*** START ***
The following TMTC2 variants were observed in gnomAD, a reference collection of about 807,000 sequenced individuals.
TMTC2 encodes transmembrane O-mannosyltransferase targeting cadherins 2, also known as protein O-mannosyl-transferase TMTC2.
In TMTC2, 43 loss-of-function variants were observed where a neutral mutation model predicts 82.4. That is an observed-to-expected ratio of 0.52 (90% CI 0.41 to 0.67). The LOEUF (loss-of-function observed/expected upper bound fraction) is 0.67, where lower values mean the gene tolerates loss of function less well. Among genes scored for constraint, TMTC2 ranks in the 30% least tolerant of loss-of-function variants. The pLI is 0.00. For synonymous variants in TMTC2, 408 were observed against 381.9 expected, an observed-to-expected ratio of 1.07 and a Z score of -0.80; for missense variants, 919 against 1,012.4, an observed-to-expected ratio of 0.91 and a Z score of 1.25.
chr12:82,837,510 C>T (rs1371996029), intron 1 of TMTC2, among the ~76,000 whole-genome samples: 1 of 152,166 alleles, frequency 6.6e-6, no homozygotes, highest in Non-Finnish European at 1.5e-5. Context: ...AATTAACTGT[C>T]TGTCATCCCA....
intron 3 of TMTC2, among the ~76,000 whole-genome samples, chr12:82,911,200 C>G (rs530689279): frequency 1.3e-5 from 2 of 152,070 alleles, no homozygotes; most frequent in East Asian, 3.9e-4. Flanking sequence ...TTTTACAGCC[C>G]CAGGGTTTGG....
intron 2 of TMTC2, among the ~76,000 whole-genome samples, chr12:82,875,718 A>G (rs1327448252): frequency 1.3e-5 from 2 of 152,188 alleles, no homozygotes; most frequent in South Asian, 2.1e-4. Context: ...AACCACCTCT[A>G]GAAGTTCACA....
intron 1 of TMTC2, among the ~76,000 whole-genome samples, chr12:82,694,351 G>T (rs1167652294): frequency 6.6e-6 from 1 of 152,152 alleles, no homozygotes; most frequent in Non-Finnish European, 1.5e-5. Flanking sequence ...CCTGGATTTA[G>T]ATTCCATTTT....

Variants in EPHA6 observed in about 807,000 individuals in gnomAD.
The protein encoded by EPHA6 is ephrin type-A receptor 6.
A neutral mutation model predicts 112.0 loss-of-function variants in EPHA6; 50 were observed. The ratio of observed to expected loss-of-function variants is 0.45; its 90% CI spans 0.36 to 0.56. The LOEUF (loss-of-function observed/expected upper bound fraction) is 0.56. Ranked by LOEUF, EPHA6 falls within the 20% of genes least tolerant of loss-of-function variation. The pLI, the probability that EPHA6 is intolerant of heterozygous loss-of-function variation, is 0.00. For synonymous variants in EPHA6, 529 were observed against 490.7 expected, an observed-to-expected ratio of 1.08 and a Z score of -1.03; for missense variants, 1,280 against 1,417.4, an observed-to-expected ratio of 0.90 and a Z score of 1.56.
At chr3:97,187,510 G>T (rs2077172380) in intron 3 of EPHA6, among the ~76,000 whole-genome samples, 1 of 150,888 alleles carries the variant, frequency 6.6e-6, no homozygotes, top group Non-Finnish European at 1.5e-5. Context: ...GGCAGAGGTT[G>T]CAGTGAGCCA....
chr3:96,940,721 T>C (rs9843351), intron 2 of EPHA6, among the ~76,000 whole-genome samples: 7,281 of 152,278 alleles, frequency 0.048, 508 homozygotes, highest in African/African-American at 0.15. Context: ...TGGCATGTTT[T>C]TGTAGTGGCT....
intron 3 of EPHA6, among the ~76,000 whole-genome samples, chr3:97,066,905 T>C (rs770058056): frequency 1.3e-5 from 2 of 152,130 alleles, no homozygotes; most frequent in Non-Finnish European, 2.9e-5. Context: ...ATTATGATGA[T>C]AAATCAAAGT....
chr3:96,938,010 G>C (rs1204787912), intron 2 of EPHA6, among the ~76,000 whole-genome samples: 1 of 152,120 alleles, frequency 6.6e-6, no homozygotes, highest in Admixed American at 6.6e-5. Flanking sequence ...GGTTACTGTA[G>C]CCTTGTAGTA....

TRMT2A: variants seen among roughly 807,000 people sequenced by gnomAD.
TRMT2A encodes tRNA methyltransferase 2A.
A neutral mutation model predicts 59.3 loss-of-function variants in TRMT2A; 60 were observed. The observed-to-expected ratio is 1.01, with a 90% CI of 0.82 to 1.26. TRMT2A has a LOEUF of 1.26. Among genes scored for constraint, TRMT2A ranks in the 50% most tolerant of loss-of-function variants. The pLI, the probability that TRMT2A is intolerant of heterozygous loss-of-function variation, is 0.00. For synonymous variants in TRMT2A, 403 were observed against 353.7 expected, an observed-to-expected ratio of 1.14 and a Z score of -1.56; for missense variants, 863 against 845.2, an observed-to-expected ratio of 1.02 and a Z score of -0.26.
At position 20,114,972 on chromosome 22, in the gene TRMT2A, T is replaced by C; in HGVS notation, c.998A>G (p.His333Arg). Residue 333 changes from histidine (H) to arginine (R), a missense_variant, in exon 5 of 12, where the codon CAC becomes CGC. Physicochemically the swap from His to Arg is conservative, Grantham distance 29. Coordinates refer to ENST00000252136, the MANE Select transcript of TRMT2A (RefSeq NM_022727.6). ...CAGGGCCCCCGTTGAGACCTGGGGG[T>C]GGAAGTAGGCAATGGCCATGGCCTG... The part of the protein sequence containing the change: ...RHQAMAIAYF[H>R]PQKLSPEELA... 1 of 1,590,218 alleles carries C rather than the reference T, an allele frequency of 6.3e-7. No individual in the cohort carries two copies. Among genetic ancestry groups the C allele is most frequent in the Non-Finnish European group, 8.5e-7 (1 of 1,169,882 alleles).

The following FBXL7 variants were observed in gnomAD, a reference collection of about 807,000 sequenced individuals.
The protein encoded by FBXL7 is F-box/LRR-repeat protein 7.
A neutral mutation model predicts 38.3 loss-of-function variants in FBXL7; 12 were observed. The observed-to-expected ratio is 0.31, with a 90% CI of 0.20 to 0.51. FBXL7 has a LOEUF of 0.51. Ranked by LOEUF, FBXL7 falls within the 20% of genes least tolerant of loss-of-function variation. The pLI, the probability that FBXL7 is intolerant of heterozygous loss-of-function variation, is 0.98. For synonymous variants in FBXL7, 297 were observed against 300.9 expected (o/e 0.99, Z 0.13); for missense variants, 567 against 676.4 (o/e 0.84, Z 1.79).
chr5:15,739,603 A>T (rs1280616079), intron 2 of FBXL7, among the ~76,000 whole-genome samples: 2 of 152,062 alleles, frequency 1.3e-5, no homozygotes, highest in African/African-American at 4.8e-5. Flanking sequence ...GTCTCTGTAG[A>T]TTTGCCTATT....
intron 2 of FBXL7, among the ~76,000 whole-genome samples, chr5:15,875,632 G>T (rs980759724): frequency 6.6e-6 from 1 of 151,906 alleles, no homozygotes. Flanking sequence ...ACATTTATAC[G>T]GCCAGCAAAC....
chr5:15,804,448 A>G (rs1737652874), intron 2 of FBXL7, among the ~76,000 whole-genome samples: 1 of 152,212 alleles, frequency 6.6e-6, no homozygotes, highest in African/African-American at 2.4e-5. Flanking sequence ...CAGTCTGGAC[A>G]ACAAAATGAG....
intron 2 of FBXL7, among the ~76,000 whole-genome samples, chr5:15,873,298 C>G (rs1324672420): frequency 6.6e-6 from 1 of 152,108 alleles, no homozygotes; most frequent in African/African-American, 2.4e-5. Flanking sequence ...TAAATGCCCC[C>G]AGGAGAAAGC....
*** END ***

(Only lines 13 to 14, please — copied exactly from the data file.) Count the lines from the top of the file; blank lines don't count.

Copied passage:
intron 3 of EPHA6, among the ~76,000 whole-genome samples, chr3:97,066,905 T>C (rs770058056): frequency 1.3e-5 from 2 of 152,130 alleles, no homozygotes; most frequent in Non-Finnish European, 2.9e-5. Context: ...ATTATGATGA[T>C]AAATCAAAGT....
chr3:96,938,010 G>C (rs1204787912), intron 2 of EPHA6, among the ~76,000 whole-genome samples: 1 of 152,120 alleles, frequency 6.6e-6, no homozygotes, highest in Admixed American at 6.6e-5. Flanking sequence ...GGTTACTGTA[G>C]CCTTGTAGTA....